The Quick Summary
Hi, I’m Michael Cyger, the publisher of DomainSherpa. I bought my first domain name when I was 29, building a website that grew into an award-winning business-to-business media company with more than 600,000 unique monthly readers. Eight years later I sold it and semi-retired. Today, I’m focused on helping entrepreneurs and investors build wealth with domain names. If I don’t have an answer to your domain name question, I’ll find an expert – a “sherpa” – who does: that’s the DomainSherpa mission.
NOTE: For professional/event biographies, please use this press bio.
The Full Story
In the Beginning
When I was 8, my mom sent me to summer camp to play with computers. I learned to program on an Atari 400 – yes, the one with the membrane keyboard. My programs were saved on a standard audiocassette tape drive. Thus began my lifelong passion for computers.
After graduating from college with a degree in nuclear engineering, I worked for GE Power Systems in California. When Microsoft Access was released in 1993, I learned SQL and developed custom databases at GE to centralize and set-free data that for years was trapped in spreadsheets.
In 1995, GE sponsored my master’s degree at UC Berkeley. It was there that I first played around on the Internet as it became commercialized. When I returned to GE full time, I continued climbing the corporate ladder. One promotion resulted in a move across the country to be closer to the action and leaders at GE corporate headquarters. During this time, I built and maintained websites for local businesses after my GE workday.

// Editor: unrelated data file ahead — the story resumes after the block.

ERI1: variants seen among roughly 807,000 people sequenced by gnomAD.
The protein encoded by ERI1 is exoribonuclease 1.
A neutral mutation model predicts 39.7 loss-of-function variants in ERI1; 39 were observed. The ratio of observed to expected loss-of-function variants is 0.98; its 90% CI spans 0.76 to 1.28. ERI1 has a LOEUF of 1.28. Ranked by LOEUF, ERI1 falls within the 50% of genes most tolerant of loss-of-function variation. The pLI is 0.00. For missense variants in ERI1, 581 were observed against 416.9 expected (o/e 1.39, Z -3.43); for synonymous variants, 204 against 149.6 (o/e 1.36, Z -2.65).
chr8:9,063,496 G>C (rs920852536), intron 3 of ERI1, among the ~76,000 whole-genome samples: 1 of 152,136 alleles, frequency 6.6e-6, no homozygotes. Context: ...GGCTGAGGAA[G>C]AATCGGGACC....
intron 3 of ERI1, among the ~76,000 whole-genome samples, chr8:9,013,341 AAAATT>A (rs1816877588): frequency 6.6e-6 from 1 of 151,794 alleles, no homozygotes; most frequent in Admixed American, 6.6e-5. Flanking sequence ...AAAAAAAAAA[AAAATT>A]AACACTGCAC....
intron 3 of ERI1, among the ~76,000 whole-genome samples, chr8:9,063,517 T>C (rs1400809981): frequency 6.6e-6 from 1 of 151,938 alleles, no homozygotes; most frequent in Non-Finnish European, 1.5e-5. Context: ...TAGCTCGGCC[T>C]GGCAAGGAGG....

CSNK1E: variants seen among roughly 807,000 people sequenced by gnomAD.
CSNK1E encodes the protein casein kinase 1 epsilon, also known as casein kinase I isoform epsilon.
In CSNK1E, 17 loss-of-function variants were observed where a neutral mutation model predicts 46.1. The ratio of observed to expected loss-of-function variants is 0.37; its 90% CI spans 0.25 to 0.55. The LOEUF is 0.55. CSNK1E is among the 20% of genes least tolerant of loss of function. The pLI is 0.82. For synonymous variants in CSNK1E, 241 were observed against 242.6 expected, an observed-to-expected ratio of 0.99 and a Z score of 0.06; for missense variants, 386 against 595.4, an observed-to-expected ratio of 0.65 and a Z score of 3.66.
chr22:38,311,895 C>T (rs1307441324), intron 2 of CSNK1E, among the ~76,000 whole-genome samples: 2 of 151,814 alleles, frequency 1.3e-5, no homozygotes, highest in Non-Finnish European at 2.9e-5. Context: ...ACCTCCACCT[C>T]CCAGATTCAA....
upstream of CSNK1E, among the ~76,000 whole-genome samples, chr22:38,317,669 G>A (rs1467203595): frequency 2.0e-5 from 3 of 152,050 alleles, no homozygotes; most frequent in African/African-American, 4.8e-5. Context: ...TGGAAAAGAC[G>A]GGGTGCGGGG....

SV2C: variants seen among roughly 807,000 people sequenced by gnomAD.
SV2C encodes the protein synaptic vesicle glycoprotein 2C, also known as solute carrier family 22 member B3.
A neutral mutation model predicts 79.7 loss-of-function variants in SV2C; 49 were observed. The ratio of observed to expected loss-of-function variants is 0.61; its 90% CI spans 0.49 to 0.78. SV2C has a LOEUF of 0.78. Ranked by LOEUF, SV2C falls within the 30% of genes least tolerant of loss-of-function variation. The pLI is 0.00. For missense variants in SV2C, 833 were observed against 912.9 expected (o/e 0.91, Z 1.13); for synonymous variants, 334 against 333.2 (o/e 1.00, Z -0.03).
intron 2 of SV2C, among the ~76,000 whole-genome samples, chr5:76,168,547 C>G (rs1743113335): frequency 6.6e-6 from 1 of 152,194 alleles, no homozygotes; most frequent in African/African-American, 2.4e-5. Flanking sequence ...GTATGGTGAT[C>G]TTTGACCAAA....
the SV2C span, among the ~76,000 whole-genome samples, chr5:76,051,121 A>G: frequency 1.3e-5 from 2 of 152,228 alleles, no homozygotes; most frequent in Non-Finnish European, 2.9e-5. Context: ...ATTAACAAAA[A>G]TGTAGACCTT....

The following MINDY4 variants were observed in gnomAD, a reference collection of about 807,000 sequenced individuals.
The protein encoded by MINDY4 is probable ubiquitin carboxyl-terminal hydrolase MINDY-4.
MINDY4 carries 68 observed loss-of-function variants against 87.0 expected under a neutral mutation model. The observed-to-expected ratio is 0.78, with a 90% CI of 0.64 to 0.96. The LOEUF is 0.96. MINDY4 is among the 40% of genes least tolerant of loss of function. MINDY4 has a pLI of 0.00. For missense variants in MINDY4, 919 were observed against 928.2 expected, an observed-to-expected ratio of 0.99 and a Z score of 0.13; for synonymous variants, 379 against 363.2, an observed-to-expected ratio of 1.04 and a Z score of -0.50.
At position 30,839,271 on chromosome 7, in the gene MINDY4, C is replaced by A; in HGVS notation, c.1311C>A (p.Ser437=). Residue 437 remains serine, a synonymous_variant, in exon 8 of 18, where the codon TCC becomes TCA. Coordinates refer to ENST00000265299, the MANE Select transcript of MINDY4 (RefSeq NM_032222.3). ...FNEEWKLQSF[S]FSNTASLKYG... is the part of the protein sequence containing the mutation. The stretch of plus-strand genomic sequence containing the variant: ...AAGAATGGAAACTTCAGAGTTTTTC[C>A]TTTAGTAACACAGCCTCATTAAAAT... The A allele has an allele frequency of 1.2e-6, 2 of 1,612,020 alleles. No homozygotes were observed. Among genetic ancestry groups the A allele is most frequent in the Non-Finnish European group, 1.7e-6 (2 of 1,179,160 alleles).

In the late 1990s during evening non-work hours, I would crank up the 14.4 kbps computer modem and write content for The Mining Company (now About.com) as a Guide. Through that experience, I learned content architecture, search engine optimization (SEO) and monetization strategies (and earned an extra couple hundred dollars a month). In particular, my newly developed SEO skills ultimately led to my being asked to lead the SEO initiative across GE from 2000 to 2002.
When Life Learning Meets Opportunity
When Jack Welch selected his last corporate initiative before retirement, Six Sigma, I jumped on board. Six Sigma is a methodology and tool set to streamline processes, eliminate defects and waste, save money, and grow revenue. Through formal training and the completion of multiple Six Sigma projects, I was able to save GE millions of dollars.
I later left GE for Citigroup to implement Six Sigma at its then online-only bank. It was there on Wall Street that I noted a large number of financial institutions practicing Six Sigma, but I also noticed a lack of resources for Six Sigma practitioners, so I started iSixSigma.com in 2000 as a hobby to fill the marketplace void.
Building iSixSigma was my trifecta – it allowed me to combine and make full use of my database, content and SEO skills. I completely bootstrapped the business and grew it in-line with revenue, often upgrading website hosts when I was shut down for using too many resources.
After developing out iSixSigma for a couple of years, I thought I might be able to transition my profitable hobby into a full-blown online magazine and make iSixSigma my full-time job. So – just two months before my first child was born – I took a leap of faith and quit my well-paying-with-benefits job at GE to become an entrepreneur. Although I was terrified of leaving a guaranteed EFT paycheck every two weeks for a much riskier enterprise, I also recognized I could earn rewards commensurate with my effort and results.
From Hundreds to Hundreds of Thousands Per Month
iSixSigma.com grew from a single-author site programmed entirely by me in ASP classic, to a multi-million dollar company with nine employees and a small army of contractors serving 600,000+ unique readers per month. The business encompassed an award-winning print magazine; an award-winning research organization; an industry-wide collection of blogs; a Monster.com-like online jobs board; an Amazon.com-like marketplace for selling templates, ebooks and training materials; and a book publishing division.